Dave Stevens


(posted on 15 Jun 2024)

Cowbirds, which lay their eggs in others’ nests so unassuming birds raise their young—strike me as opportunistic and parasitical. Their meal-finding method is fascinating too: they eat the insects stirred up by the feet of cattle. These birds know how to take advantage and lighten their load.

It reminded me of Austin Kleon’s TED talk titled “Steal Like an Artist”. During a period when he experienced writers block, Kleon began blacking out words and lines from newspapers and arranging them into haiku like poetry. People accused him of lacking originality. However, research revealed a 250-year-old technique like Kleon’s called found poetry. Writers and artists like Tom Phillips, William Burrows, and—going back in history—Caleb Whitefoord, a contemporary of Benjamin Franklin—created works the same way. Kleon concluded with “Nothing Is Original” and “All Creative Work Builds On What Came Before” with the result that we are “Creative Kleptomaniacs”.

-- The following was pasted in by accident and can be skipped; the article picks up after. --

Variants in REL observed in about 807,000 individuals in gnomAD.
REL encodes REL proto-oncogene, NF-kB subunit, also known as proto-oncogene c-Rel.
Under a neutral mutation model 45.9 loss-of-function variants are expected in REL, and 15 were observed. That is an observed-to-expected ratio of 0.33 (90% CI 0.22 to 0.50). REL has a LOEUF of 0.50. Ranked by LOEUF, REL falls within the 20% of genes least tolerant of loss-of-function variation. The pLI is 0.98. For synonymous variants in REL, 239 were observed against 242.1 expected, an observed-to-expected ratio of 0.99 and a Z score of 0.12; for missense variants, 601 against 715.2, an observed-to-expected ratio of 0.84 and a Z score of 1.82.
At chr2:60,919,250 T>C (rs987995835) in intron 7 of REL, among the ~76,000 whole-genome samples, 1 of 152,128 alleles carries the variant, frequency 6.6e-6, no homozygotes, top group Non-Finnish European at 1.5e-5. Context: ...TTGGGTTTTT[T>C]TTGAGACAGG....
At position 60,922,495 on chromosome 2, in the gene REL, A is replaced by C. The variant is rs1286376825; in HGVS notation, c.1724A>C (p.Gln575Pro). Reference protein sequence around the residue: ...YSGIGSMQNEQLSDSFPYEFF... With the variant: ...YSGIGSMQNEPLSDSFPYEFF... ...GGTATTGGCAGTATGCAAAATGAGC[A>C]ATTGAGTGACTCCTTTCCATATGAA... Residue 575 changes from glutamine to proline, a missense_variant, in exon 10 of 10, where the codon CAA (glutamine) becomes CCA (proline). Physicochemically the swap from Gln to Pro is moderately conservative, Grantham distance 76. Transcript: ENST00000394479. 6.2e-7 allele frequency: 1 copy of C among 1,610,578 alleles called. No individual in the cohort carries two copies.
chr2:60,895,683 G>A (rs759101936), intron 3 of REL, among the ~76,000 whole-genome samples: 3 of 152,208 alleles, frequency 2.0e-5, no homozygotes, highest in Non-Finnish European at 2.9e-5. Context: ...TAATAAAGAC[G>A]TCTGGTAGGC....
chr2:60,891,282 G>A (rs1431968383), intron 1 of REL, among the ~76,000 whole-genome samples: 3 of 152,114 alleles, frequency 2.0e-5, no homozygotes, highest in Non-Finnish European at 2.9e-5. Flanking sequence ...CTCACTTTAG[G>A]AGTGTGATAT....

One of my students, whose name escapes me, started to collect magazine images of models. He painted clown faces over top. Initially I thought boredom motivated him but as I talked to him, I realized he was influenced by Red Skelton’s paintings of clown faces and the misguided value we place on models’ looks. He was parroting Kleon without knowing it.

Austine Kleon

Red Skelton